The harshest critics of foreign writers in China are usually other foreign writers in China. They are more sensitive to China cliches. They dislike the explanations required to make writing accessible to a general audience overseas. They recoil at the hint of stereotype, even if it draws on something they observe as commonplace.
As such, novels and memoirs from China-based authors (especially young ones and those on small or independent publishers) can attract disdain from local critics. To my shame, it was perhaps this very fear that allowed a preview copy of Carly J. Hallman’s debut novel, Year of the Goose, to sink deep into the recesses of my inbox. Were the red and gold design not so appealing, I could make a hackneyed reflection on judging books by their covers.
But then Hallman entered That’s Beijing’s Halloween flash-fiction competition. Her submission, The Roast Duck Killer, was a clear-cut winner – a darkly comic tale of a murderer exhibiting victims like Peking Ducks. And so, with my preview PDF retrieved, I shall atone for my quick judgment. Because while Year of the Goose is not without its faults, it is a charming and, at times, laugh-out-loud read.
The novel opens with the travails of Kelly Hui, daughter of China’s richest man, Papa Hui, and heiress to his Bashful Goose Snack Company. China-watchers’ cliche-sensors will immediately tingle as she navigates the obese children’s fat camp in which the book’s opening section is set. The officials are of course corrupt, the buildings are of course unfinished, and the acne-ridden singleton who can’t grow a beard of course laments his mother’s pressure over marriage. Kelly herself is a spoiled American-educated princess who yearns for the respect and attention of her tycoon father, and her tedious ‘whatever’ attitude permeates the opening section.
But persist and the story becomes distinctly more imaginative. As the focus moves to other, less one-dimensional characters (all are somehow linked to Papa Hui’s snack empire), Hallman’s writing becomes more fluid and nuanced. The book’s second section is dedicated to the likable Wang Xilai, a balding hair-extension mogul implicated in a murder case. And from here onward, Hallman’s casual style (and the humor of petulant characters) sits more comfortably.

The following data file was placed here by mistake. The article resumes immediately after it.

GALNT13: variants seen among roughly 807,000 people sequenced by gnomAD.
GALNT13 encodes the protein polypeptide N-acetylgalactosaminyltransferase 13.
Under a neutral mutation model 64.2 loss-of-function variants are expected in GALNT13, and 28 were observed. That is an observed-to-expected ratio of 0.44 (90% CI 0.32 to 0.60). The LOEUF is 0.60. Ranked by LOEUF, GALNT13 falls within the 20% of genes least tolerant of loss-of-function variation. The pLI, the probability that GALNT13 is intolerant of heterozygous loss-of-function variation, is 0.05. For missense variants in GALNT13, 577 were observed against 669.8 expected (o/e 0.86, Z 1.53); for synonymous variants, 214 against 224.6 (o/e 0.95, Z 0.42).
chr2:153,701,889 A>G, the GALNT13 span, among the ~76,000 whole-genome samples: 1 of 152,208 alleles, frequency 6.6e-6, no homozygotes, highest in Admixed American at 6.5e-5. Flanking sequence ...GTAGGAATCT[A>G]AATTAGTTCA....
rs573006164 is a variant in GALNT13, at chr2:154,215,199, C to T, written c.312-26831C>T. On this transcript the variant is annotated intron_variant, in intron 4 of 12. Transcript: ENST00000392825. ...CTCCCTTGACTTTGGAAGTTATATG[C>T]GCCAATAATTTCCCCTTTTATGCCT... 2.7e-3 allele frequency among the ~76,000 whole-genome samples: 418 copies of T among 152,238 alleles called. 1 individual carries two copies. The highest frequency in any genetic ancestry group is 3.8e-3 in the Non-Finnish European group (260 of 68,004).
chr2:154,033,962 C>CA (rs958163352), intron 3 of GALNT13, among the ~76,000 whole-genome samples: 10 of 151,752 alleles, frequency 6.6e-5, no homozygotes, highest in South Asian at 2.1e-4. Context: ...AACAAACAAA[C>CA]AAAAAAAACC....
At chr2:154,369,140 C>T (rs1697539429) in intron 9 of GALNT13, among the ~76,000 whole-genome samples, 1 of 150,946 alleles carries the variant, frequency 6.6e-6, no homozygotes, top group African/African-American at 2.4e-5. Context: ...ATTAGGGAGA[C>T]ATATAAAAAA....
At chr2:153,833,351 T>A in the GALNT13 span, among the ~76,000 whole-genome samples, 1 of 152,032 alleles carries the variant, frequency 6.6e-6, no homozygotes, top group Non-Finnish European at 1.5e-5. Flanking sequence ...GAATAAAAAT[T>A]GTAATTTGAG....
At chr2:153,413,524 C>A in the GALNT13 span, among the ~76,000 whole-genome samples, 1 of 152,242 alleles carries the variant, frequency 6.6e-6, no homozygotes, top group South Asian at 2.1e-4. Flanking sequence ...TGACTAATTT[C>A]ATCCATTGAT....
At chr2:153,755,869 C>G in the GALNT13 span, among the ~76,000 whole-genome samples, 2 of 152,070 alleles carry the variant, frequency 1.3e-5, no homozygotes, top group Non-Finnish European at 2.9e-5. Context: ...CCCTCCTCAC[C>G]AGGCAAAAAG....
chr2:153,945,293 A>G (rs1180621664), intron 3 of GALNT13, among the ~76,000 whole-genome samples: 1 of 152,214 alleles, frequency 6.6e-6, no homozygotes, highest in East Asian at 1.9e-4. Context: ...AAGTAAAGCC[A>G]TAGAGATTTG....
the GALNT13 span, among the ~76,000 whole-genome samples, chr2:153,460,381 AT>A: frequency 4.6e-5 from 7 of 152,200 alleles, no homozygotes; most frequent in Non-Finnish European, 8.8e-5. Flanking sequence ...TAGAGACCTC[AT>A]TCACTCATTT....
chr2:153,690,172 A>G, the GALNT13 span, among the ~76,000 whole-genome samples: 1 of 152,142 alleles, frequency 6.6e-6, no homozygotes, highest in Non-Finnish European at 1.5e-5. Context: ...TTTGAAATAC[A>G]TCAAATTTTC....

Perhaps some of the references are still too easy (a grand banquet serves birds nest soup and “silver platters of tiger meat cooked with the fur still attached”). But Hallman paints an increasingly and endearingly absurd vision of modern China. Quite where parody becomes satire is unclear. But given that the actual offspring of China’s richest man, Wang Sicong, gave his dog an Apple Watch (see page 41), these blurred boundaries exist beyond the realm of literature.
As the story grows more surreal, it becomes more compelling in turn. Some of the book’s finest flourishes come in its oddest moments: the diary of Papa Hui’s on-the-run goose, and an errant Buddhist monk reincarnated in the body of a turtle.
Hallman’s style is direct, youthful and, at times, reminiscent of crude teen lit (“aren’t you supposed to come back as something higher?” the turtle is asked. “Like something not used in, uh, boner soup?”). Too often she relies on strings of questions to convey characters’ thoughts, and her colloquialisms can feel at odds with the characters playing them out. People ‘plop’ down into seats too regularly; things happen ‘left, right and center’; and perhaps I’m being old-fashioned, but there is something a little jarring about seeing terms like ‘humble-brag’ and ‘craptastic’ in print.
Nonetheless, Year of the Goose is a credible debut. Even if world-weary China heads don’t get it, there will be plenty who do.
Year of the Goose is available on Amazon.